Centralizing the Poison Control System Could be Efficient and Cost-Effective

Study of the cost and feasibility of alternative models for a national poison control system

From 1996 to 1997, researchers at the Center for Health Policy Research at George Washington University in Washington carried out the second phase of a study that was designed to evaluate options for reconfiguring the country's network of regional poison control centers into a more effective national system.

The team conducted in-depth case studies of six Poison Control Centers across the U.S. to determine the essential functions of a center, and to identify the costs associated with each of those functions. A national survey of the remaining poison control centers across the U.S. was conducted to determine the validity and generalizability of the information obtained in the case studies.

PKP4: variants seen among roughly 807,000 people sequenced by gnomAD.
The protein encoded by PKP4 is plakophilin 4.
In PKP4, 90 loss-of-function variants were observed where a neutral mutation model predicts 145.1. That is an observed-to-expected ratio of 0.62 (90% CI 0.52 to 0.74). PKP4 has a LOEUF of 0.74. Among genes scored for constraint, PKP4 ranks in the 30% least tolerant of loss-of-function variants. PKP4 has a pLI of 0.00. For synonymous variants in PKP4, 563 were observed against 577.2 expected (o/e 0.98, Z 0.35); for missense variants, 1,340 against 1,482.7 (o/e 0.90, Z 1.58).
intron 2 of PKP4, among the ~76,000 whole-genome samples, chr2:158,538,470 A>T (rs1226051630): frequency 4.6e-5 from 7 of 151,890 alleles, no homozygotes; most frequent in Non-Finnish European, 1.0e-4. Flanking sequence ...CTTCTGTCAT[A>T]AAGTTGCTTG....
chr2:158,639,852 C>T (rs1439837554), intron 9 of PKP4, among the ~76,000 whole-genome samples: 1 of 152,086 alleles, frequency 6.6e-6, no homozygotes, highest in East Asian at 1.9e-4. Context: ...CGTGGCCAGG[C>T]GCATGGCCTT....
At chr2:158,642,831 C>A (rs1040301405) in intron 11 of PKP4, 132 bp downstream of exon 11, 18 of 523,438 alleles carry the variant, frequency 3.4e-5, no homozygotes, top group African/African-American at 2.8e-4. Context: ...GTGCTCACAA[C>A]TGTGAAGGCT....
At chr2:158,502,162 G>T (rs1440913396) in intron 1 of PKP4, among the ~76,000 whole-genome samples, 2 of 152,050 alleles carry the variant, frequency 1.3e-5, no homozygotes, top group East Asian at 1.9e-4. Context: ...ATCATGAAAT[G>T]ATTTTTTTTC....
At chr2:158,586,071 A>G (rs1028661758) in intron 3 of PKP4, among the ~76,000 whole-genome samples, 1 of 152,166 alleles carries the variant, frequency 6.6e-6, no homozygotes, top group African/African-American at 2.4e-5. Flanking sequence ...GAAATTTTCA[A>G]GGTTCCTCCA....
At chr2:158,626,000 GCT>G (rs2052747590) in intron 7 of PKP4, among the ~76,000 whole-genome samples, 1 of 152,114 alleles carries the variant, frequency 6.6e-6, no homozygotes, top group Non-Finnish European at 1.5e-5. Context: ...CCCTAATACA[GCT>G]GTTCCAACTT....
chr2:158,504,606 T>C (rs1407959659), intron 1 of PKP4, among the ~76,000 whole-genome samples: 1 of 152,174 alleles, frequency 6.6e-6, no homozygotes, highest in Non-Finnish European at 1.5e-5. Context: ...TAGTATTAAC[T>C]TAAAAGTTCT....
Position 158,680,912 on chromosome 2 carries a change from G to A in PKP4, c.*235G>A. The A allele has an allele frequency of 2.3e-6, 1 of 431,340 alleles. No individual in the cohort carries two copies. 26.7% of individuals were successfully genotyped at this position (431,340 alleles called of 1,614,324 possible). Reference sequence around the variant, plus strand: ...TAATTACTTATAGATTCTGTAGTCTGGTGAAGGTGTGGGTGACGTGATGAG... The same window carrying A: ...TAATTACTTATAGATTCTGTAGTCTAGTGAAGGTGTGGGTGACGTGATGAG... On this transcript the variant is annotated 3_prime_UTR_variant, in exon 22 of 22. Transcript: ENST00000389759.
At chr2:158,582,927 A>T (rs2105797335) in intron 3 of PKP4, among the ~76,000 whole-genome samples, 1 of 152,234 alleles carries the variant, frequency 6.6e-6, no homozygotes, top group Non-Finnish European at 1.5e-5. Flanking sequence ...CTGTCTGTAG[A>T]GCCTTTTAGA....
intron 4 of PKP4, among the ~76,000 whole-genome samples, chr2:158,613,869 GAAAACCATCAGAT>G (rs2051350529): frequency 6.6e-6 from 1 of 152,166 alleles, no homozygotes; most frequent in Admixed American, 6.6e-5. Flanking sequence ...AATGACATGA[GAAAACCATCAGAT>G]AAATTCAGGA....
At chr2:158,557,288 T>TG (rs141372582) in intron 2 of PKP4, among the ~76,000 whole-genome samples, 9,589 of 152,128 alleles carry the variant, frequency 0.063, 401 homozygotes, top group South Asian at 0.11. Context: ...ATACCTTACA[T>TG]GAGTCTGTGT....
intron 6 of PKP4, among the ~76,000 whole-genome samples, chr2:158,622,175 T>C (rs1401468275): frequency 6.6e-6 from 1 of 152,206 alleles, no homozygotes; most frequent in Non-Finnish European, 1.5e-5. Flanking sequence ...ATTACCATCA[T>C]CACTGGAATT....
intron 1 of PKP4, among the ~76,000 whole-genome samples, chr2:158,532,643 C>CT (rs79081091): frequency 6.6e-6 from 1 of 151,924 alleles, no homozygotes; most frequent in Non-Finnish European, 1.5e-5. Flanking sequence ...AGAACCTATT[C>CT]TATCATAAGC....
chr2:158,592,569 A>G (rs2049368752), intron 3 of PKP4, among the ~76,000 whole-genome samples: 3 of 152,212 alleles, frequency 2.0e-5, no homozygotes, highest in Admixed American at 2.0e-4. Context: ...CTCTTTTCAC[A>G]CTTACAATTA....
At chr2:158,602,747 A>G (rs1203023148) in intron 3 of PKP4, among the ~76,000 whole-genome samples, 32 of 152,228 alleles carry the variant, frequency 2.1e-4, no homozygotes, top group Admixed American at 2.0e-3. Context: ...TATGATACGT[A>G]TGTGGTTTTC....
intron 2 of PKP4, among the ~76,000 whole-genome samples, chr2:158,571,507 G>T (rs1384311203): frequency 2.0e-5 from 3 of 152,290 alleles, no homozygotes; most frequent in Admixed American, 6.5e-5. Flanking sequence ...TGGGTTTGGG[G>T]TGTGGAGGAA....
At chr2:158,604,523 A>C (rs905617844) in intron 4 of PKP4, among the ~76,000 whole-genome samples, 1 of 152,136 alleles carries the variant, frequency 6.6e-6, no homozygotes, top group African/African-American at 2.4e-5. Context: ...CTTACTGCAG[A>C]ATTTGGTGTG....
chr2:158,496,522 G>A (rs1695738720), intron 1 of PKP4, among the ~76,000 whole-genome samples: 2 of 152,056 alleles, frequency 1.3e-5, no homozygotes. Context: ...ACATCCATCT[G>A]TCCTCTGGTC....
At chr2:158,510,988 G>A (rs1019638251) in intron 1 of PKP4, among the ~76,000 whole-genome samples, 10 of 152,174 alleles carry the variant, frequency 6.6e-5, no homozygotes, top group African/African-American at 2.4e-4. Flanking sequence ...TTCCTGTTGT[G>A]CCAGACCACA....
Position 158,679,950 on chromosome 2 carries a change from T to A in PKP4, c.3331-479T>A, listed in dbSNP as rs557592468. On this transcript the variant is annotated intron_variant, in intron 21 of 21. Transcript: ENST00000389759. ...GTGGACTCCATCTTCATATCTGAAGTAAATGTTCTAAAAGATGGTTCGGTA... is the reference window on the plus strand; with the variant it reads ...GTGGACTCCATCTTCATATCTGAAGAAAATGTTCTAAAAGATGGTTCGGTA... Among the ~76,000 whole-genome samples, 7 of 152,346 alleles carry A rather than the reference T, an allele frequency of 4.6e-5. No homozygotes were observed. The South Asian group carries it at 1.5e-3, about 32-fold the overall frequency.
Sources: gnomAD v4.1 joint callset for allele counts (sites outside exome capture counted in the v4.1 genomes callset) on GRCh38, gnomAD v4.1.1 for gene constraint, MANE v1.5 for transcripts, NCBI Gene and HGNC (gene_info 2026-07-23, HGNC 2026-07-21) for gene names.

Key Recommendations

  • The Center for Health Policy Research team made the following recommendations:

    • Create a partially integrated system linked through a common 800 telephone number with some centralized subfunctions.
    • The integrated U.S. poison control system should contain about 50 regional poison control centers, each serving a population of approximately 5 million people.
    • Establish an oversight committee to work with the poison control centers to oversee the operation and administration of the nationwide network, identify efficiencies, cost-containment options, and ways to reduce duplication of effort.